It has been impossible to ignore the number of data breaches in the news lately. Whether you have been directly affected or not, one thing is certain: data security should be a top priority, especially in the healthcare industry. This eye-opening article talks about the new focus of hackers: targeting healthcare data. Healthcare data is extremely valuable when compared to the current value of Social Security numbers or credit card numbers on the black market. John Halamka, CIO at Beth Israel Deaconess Medical Center in Boston, sums it up:
While a stolen Social Security number might sell for 25 cents in the underground market, and a credit card number might fetch $1, “A comprehensive medical record for me to get free surgery might be $1,000,” Halamka says. “It is a commodity that is hot on the black Internet [market].” Continue reading
Recently I attended the American Medical Informatics Association (AMIA) annual symposium in Washington, D.C. I focused mainly on sessions related to nursing, interoperability, or both. The keynote speaker for the nursing preconference session was Dr. Deborah Troutman, CEO of the American Association of Colleges of Nursing (AACN). Dr. Troutman spoke about the Institute for Healthcare Improvement’s (IHI) Triple Aim. This blog gives an overview of the Triple Aim, discusses how it pertains to informaticians, and ends with a discussion about where we need to focus in the future.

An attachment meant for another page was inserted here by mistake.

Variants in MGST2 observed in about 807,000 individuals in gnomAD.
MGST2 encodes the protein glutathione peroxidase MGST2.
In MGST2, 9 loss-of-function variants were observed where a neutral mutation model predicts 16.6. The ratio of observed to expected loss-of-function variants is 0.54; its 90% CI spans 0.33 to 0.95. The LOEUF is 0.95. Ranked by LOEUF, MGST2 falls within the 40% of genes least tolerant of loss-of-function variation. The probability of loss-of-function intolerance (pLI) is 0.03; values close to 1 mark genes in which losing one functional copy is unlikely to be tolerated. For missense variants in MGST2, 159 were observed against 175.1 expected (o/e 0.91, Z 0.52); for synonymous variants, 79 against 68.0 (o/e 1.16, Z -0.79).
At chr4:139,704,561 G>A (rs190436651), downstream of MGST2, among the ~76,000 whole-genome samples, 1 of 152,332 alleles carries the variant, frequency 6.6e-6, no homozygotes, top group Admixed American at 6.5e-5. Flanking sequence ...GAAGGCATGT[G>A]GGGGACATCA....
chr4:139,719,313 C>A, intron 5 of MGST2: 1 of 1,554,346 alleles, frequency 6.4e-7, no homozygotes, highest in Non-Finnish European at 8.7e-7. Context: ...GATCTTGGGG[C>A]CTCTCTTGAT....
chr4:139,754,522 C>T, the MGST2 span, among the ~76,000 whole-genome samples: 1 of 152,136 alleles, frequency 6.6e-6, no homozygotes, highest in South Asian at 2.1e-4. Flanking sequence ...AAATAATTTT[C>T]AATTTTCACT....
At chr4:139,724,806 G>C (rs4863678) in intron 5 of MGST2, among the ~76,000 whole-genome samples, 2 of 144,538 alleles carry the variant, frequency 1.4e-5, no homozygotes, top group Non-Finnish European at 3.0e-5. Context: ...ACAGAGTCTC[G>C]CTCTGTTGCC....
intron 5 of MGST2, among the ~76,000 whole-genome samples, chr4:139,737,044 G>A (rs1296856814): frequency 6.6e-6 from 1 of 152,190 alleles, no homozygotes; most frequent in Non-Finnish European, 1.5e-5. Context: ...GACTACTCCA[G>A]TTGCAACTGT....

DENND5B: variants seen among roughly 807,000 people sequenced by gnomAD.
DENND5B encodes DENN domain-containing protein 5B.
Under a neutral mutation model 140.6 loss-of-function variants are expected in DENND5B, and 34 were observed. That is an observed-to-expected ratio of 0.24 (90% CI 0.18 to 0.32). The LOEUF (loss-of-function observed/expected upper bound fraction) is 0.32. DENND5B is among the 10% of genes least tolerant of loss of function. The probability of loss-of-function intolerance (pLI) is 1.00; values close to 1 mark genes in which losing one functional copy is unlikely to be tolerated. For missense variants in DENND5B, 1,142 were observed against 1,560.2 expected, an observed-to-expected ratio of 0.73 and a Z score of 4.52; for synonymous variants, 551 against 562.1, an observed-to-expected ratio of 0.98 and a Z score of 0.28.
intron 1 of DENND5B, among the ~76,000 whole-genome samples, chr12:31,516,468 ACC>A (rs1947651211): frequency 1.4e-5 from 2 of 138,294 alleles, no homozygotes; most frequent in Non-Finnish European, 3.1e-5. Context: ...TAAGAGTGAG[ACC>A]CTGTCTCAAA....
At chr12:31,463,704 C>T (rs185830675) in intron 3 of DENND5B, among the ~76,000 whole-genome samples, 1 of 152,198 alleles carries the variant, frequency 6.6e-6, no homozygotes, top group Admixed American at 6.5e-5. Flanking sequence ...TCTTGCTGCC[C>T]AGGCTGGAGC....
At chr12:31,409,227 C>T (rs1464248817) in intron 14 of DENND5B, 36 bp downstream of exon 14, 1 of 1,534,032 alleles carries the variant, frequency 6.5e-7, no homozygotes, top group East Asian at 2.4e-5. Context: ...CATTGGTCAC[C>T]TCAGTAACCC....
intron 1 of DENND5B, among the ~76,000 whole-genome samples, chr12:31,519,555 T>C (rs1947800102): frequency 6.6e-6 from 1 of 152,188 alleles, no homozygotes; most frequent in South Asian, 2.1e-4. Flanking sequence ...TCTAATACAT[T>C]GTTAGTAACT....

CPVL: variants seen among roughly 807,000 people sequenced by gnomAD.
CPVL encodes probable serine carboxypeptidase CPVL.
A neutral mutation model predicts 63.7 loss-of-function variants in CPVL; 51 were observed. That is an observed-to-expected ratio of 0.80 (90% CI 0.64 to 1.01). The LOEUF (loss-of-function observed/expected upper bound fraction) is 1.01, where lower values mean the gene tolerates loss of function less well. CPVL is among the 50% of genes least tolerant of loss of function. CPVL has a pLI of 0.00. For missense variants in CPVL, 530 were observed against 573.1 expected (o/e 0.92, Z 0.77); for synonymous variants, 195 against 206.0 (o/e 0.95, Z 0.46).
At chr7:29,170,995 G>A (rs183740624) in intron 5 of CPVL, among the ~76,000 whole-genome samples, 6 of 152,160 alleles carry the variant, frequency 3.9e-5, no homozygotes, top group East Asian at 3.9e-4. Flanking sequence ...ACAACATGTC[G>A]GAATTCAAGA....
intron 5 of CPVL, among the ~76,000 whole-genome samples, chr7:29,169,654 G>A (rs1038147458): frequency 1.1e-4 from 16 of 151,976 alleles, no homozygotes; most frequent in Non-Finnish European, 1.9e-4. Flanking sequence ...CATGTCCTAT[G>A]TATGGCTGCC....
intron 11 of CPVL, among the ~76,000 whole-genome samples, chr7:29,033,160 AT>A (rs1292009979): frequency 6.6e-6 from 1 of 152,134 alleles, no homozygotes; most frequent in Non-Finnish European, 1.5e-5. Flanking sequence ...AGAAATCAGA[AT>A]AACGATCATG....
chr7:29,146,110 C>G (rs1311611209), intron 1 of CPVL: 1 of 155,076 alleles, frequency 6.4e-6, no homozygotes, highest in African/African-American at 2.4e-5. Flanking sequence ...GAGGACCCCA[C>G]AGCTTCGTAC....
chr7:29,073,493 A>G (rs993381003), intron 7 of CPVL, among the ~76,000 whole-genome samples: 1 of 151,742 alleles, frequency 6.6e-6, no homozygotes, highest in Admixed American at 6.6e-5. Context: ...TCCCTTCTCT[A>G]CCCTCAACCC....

The Triple Aim is a framework for developing new designs to optimize health system performance and to capture social needs in healthcare. The three aims are experience of care, health of populations, and costs of health. Experience of care means that if a person gets sick, the perception of their care, including quality, effectiveness, timeliness, etc., should be high. Population health is focused on causes of illness, such as obesity, substance abuse, and heart disease. The final aim is to lower cost, not by decreasing what people receive in their care, but through process improvement and illness prevention. The desired state is person-centered and is not focusing on illness care but moving towards wellness. Continue reading
Donna: Sue, have you heard people using the buzz word inter-rater reliability in the context of ICD-10?
Sue: Isn’t that a statistical formula used to determine agreement or consensus between two raters or judges?
Donna: Yes, but HIM professionals are using the term, not the formula, to compare the agreement rate between two or more coders coding a case in ICD-10. Continue reading